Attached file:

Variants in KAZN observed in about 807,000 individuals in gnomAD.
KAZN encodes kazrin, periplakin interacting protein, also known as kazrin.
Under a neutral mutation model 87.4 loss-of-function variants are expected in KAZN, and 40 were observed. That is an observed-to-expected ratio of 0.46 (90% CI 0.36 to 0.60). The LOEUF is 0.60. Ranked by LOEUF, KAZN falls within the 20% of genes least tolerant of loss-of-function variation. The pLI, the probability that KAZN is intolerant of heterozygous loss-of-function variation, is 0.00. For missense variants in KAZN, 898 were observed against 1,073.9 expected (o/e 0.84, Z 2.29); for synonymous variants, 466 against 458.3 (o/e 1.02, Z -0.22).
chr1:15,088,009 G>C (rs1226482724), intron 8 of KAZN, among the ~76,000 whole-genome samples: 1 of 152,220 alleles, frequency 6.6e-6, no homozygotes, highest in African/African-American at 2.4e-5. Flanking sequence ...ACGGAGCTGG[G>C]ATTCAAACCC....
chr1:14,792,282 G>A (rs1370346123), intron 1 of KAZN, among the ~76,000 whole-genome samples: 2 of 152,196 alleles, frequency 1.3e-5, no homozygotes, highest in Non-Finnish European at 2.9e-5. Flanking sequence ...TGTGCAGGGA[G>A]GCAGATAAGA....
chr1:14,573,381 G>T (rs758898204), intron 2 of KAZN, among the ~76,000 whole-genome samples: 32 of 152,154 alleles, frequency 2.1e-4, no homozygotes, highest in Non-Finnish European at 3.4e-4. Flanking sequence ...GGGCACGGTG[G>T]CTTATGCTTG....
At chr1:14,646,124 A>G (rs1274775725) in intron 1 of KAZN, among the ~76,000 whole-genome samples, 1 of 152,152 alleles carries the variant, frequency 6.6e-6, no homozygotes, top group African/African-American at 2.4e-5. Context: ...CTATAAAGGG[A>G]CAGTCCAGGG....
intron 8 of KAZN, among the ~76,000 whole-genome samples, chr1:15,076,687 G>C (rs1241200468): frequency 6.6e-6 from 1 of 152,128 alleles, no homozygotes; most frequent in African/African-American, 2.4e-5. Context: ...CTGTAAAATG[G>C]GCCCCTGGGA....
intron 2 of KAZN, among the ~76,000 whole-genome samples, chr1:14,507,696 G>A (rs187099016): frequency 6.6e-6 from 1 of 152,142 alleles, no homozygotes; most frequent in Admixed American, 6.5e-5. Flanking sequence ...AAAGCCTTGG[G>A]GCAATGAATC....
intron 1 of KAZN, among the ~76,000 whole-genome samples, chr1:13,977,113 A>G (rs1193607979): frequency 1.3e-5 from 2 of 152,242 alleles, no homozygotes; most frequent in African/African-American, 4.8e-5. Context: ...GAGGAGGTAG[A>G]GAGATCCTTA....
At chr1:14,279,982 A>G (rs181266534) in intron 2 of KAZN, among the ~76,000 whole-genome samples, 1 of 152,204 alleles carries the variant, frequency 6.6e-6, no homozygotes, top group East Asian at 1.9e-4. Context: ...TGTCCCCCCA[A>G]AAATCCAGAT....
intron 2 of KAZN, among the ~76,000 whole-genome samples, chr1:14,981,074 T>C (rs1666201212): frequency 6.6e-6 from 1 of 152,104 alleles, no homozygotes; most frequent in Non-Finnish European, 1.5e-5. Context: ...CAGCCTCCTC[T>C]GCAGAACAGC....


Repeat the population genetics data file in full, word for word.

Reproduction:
Variants in KAZN observed in about 807,000 individuals in gnomAD.
KAZN encodes kazrin, periplakin interacting protein, also known as kazrin.
Under a neutral mutation model 87.4 loss-of-function variants are expected in KAZN, and 40 were observed. That is an observed-to-expected ratio of 0.46 (90% CI 0.36 to 0.60). The LOEUF is 0.60. Ranked by LOEUF, KAZN falls within the 20% of genes least tolerant of loss-of-function variation. The pLI, the probability that KAZN is intolerant of heterozygous loss-of-function variation, is 0.00. For missense variants in KAZN, 898 were observed against 1,073.9 expected (o/e 0.84, Z 2.29); for synonymous variants, 466 against 458.3 (o/e 1.02, Z -0.22).
chr1:15,088,009 G>C (rs1226482724), intron 8 of KAZN, among the ~76,000 whole-genome samples: 1 of 152,220 alleles, frequency 6.6e-6, no homozygotes, highest in African/African-American at 2.4e-5. Flanking sequence ...ACGGAGCTGG[G>C]ATTCAAACCC....
chr1:14,792,282 G>A (rs1370346123), intron 1 of KAZN, among the ~76,000 whole-genome samples: 2 of 152,196 alleles, frequency 1.3e-5, no homozygotes, highest in Non-Finnish European at 2.9e-5. Flanking sequence ...TGTGCAGGGA[G>A]GCAGATAAGA....
chr1:14,573,381 G>T (rs758898204), intron 2 of KAZN, among the ~76,000 whole-genome samples: 32 of 152,154 alleles, frequency 2.1e-4, no homozygotes, highest in Non-Finnish European at 3.4e-4. Flanking sequence ...GGGCACGGTG[G>T]CTTATGCTTG....
At chr1:14,646,124 A>G (rs1274775725) in intron 1 of KAZN, among the ~76,000 whole-genome samples, 1 of 152,152 alleles carries the variant, frequency 6.6e-6, no homozygotes, top group African/African-American at 2.4e-5. Context: ...CTATAAAGGG[A>G]CAGTCCAGGG....
intron 8 of KAZN, among the ~76,000 whole-genome samples, chr1:15,076,687 G>C (rs1241200468): frequency 6.6e-6 from 1 of 152,128 alleles, no homozygotes; most frequent in African/African-American, 2.4e-5. Context: ...CTGTAAAATG[G>C]GCCCCTGGGA....
intron 2 of KAZN, among the ~76,000 whole-genome samples, chr1:14,507,696 G>A (rs187099016): frequency 6.6e-6 from 1 of 152,142 alleles, no homozygotes; most frequent in Admixed American, 6.5e-5. Flanking sequence ...AAAGCCTTGG[G>A]GCAATGAATC....
intron 1 of KAZN, among the ~76,000 whole-genome samples, chr1:13,977,113 A>G (rs1193607979): frequency 1.3e-5 from 2 of 152,242 alleles, no homozygotes; most frequent in African/African-American, 4.8e-5. Context: ...GAGGAGGTAG[A>G]GAGATCCTTA....
At chr1:14,279,982 A>G (rs181266534) in intron 2 of KAZN, among the ~76,000 whole-genome samples, 1 of 152,204 alleles carries the variant, frequency 6.6e-6, no homozygotes, top group East Asian at 1.9e-4. Context: ...TGTCCCCCCA[A>G]AAATCCAGAT....
intron 2 of KAZN, among the ~76,000 whole-genome samples, chr1:14,981,074 T>C (rs1666201212): frequency 6.6e-6 from 1 of 152,104 alleles, no homozygotes; most frequent in Non-Finnish European, 1.5e-5. Context: ...CAGCCTCCTC[T>C]GCAGAACAGC....